DENVER -- With a few days before the election, an energy trade group has donated about 32 times more than activists in four Colorado communities in a push to persuade residents to vote against limiting oil and gas drilling.
Broomfield residents are considering a five-year moratorium on hydraulic fracturing.
Political issue committees opposing the measures in the four towns made about $606,000 in monetary contributions through mid-October, with about 99 percent from the Denver-based Colorado Oil and Gas Association.
That compares with about $18,470 donated by proponents and groups supporting the limits, campaign finance reports show.
Same-sex benefits defended
WASHINGTON -- Defense Secretary Chuck Hagel on Thursday sharply criticized U.S. states that are defying the Pentagon by refusing to allow National Guard facilities to issue ID cards that enable same-sex spouses of military members to claim benefits.
In his remarks to an Anti-Defamation League centennial dinner speech, Mr. Hagel did not name the states that are defying Pentagon policy on this issue.
But the Pentagon has cited nine: Florida, Georgia, Indiana, Louisiana, Mississippi, Oklahoma, South Carolina, Texas and West Virginia.
Horse slaughterhouses OK'd
ALBUQUERQUE, N.M. -- A federal judge on Friday cleared the way for horse slaughterhouses to resume operating in the U.S. as early as next week.
U.S. District Judge Christina Armijo threw out a lawsuit by The Humane Society of the United States, joined by other groups, that alleged the Department of Agriculture failed to conduct proper environmental studies when it issued permits to Valley Meat Co. in Roswell, N.M., and an Iowa company to slaughter horses for human consumption.
The Humane Society, joined by the state of New Mexico, filed an appeal to the 10th U.S. Circuit Court of Appeals in Denver.
Man blinks to ID suspect
BALTIMORE, Md. -- After Melvin Nathaniel Pate was shot in the face, he was paralyzed.
Investigators showed him a photo lineup, and unable to communicate, Pate blinked to identify Jermaine Hailes, 23, as the man who allegedly shot him in 2010. Two years later Pate, 29, died of complications from the gunshot wound.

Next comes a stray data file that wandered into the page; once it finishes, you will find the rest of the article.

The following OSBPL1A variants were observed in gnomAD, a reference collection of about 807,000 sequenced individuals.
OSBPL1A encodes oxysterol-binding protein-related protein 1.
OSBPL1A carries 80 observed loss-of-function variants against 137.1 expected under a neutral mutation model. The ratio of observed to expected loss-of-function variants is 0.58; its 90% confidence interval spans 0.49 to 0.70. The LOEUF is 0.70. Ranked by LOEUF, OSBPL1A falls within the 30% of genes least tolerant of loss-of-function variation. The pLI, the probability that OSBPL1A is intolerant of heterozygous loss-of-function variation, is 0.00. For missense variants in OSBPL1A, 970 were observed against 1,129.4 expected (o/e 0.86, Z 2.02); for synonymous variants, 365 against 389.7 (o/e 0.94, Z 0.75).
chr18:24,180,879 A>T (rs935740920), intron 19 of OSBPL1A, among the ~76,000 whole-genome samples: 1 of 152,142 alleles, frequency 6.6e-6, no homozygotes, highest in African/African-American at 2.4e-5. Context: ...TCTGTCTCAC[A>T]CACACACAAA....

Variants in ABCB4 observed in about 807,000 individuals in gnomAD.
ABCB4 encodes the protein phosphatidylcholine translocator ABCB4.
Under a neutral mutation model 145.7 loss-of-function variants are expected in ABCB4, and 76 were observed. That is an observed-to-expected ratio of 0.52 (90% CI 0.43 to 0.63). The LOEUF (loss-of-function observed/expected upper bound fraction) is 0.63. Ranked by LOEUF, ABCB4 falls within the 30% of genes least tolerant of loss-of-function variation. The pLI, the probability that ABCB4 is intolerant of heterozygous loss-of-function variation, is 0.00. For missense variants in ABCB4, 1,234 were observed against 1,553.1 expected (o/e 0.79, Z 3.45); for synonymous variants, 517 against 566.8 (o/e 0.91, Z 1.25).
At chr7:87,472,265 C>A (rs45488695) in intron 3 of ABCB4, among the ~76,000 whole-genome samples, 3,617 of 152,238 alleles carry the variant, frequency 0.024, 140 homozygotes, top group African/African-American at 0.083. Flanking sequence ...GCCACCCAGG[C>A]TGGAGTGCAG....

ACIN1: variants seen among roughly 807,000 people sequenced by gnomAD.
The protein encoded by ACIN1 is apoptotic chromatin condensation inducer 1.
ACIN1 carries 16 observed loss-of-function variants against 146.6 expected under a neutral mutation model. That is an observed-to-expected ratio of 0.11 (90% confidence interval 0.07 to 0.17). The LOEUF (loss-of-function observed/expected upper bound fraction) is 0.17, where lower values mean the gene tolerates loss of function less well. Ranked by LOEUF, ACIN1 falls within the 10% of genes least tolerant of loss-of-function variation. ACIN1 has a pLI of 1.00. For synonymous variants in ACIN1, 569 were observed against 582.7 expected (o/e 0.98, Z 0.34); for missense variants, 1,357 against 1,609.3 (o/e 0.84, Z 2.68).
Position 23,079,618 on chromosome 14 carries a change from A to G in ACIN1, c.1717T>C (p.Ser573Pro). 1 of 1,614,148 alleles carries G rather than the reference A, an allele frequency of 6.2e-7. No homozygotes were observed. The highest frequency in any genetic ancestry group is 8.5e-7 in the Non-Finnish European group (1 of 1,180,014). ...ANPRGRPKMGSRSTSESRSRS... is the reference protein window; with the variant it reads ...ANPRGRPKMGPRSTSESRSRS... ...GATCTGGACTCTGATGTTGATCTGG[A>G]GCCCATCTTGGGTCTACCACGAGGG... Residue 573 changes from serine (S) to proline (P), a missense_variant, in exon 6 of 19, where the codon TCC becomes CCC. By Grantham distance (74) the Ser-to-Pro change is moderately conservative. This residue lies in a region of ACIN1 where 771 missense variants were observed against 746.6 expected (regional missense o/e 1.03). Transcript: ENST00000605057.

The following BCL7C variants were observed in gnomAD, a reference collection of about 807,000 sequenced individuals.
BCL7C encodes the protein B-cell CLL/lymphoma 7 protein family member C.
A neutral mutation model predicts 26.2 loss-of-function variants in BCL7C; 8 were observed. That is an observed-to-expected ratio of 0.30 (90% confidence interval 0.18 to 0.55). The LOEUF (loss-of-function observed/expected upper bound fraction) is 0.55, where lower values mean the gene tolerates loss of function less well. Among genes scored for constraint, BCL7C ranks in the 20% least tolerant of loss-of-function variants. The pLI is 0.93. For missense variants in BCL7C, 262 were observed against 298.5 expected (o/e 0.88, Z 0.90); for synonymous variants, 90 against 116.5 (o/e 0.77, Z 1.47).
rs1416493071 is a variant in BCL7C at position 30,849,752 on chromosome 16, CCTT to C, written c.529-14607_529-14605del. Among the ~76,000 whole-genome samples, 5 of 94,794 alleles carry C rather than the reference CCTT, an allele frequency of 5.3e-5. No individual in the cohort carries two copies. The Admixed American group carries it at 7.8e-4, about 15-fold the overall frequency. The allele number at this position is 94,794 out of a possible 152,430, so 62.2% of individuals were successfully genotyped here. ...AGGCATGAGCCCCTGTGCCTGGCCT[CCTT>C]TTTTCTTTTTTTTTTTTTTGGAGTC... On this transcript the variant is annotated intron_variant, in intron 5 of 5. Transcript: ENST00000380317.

Now, a Prince George's judge is to decide whether Pate's blinks recorded on video can be used at Hailes' trial, set for next month. If Judge Leo Green Jr. allows the video, it would be the fourth time in U.S. history that a deceased victims' nonverbal identification would be admitted as evidence in a murder case.
Crist to run as Democrat
TALLAHASSEE, Fla. -- Former Republican governor-turned-Democrat Charlie Crist took the first step Friday toward attempting to reclaim his old job with a new party, paving the way for a bitter contest that will be one of the most watched in the nation.
Mr. Crist filed paperwork to get in the race and is now the front-runner to represent Democrats against Republican Gov. Rick Scott, one of the most unpopular chief executives in the country. Mr. Scott, though, will be well-financed and is expected to spend as much as $25 million in attack ads against Mr. Crist.
Pittsburgh to see eclipse
On Sunday, the sun will rise with a large bite taken out of it by the moon -- a partial eclipse at dawn.
Early risers as far west as Pittsburgh and Atlanta can observe the rare crescent sunrise. "They will see, near the East Coast, 60 percent of the sun covered by the moon," said Dr. Jay M. Pasachoff, a professor of astronomy at Williams College in Massachusetts. When the eclipse ends 45 minutes later, the sun will be barely above the horizon.